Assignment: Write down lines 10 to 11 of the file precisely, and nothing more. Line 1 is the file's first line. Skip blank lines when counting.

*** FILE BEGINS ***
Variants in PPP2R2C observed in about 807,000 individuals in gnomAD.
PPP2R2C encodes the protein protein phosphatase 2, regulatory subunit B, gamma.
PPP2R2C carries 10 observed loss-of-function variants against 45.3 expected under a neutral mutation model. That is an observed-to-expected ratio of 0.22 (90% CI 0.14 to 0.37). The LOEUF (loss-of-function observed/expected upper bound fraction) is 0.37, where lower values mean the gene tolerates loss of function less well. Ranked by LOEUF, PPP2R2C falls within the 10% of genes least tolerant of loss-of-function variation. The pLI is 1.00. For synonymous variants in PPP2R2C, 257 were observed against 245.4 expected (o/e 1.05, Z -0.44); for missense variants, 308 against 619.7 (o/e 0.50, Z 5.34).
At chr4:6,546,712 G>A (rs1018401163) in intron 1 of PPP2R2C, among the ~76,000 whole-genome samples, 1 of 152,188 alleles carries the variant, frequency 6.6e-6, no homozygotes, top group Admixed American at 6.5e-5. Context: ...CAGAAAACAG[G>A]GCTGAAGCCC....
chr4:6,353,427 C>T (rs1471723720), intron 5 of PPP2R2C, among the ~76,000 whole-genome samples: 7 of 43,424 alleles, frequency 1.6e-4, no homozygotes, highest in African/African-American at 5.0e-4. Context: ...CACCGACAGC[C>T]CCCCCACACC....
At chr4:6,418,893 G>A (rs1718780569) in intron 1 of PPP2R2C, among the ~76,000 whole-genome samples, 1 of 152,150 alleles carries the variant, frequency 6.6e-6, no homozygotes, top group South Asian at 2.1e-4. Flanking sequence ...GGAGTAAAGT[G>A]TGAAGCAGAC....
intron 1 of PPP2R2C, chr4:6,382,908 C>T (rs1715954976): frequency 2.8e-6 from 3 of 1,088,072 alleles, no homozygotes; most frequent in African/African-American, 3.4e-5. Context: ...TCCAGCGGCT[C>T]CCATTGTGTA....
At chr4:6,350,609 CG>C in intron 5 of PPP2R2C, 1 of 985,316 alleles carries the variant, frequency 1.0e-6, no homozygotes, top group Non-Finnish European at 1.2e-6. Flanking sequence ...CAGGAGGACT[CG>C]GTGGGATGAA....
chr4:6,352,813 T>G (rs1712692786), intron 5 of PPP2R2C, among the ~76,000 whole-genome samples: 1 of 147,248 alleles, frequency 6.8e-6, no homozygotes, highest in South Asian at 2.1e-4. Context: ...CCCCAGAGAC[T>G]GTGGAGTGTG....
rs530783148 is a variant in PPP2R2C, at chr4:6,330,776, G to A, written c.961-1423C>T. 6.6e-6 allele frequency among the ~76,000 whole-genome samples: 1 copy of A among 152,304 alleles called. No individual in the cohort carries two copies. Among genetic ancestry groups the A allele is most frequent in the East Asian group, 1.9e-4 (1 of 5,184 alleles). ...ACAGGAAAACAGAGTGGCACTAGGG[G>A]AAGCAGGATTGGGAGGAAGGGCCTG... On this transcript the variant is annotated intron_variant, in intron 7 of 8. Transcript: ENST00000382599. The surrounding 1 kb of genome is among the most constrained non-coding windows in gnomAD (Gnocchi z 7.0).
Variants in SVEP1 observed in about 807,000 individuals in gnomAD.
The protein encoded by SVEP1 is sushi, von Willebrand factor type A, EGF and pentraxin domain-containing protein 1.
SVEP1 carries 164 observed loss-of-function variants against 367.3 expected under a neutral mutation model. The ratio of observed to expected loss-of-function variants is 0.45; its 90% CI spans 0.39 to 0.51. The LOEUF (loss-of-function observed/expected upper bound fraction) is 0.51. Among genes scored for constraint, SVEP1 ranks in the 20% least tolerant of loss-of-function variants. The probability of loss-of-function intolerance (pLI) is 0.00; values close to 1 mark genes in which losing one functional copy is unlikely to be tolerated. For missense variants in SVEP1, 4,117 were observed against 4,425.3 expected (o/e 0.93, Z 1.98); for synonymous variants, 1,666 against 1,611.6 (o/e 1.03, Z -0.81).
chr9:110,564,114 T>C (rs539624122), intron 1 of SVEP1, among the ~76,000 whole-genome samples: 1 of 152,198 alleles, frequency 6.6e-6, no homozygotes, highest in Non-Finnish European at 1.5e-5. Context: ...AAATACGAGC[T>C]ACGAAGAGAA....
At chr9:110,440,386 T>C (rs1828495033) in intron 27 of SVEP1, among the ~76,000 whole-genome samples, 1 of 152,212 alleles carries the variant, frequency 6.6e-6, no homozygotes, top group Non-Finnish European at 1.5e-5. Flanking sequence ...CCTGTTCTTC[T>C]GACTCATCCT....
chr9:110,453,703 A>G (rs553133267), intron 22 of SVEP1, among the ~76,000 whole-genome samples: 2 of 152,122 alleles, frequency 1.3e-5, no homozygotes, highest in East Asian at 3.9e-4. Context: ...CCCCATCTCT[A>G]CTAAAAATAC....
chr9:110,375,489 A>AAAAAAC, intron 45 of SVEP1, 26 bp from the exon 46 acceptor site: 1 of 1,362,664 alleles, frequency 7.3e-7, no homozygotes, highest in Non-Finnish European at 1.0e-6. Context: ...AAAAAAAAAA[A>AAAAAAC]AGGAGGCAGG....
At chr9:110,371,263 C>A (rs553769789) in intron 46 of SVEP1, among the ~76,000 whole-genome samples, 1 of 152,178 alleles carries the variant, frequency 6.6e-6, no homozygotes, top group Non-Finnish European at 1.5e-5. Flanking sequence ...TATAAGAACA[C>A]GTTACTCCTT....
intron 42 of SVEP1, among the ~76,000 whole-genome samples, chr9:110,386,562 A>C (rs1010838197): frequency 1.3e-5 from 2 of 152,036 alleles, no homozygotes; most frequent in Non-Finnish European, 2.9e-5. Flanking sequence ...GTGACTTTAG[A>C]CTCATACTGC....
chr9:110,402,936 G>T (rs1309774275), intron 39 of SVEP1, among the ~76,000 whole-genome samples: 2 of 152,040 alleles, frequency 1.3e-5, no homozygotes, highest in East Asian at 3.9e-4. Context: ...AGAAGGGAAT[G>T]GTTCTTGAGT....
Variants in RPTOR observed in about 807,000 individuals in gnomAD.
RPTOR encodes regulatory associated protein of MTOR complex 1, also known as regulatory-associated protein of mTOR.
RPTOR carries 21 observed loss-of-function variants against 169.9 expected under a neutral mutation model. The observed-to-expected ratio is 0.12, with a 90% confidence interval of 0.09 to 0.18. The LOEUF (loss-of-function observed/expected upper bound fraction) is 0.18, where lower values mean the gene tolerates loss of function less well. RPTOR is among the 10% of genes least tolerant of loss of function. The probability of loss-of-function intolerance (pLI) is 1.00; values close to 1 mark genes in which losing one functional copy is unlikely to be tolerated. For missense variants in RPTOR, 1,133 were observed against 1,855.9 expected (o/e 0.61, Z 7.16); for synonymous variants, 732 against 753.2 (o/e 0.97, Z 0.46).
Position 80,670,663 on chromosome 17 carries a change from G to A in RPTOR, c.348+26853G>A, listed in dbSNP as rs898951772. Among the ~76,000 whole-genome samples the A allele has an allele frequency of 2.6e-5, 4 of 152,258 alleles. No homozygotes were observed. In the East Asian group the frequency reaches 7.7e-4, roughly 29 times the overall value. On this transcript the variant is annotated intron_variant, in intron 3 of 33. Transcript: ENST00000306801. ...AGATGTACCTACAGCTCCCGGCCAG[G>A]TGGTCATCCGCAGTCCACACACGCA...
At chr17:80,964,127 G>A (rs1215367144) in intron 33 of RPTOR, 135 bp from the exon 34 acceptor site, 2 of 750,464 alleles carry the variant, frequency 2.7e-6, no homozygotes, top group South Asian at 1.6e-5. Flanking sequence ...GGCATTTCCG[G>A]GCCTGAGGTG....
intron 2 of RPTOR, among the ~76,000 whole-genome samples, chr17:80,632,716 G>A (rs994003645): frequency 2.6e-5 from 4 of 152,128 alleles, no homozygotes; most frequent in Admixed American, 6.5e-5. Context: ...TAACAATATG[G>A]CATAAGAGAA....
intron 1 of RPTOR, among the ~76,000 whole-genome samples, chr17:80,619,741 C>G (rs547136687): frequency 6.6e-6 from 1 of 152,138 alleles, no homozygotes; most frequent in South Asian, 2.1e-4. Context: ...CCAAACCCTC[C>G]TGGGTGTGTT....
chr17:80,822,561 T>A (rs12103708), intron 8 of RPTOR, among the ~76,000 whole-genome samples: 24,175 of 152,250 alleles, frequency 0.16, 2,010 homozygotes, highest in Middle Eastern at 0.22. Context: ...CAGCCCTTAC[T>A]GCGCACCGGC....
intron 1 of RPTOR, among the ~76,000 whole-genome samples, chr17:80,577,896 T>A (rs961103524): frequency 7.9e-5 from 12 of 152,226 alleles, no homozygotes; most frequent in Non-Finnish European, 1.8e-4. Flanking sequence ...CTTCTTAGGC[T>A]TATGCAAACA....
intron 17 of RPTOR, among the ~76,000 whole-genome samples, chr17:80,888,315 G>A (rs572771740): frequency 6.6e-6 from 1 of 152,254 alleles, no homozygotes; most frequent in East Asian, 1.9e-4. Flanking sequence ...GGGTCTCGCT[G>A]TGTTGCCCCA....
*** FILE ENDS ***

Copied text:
rs530783148 is a variant in PPP2R2C, at chr4:6,330,776, G to A, written c.961-1423C>T. 6.6e-6 allele frequency among the ~76,000 whole-genome samples: 1 copy of A among 152,304 alleles called. No individual in the cohort carries two copies. Among genetic ancestry groups the A allele is most frequent in the East Asian group, 1.9e-4 (1 of 5,184 alleles). ...ACAGGAAAACAGAGTGGCACTAGGG[G>A]AAGCAGGATTGGGAGGAAGGGCCTG... On this transcript the variant is annotated intron_variant, in intron 7 of 8. Transcript: ENST00000382599. The surrounding 1 kb of genome is among the most constrained non-coding windows in gnomAD (Gnocchi z 7.0).
Variants in SVEP1 observed in about 807,000 individuals in gnomAD.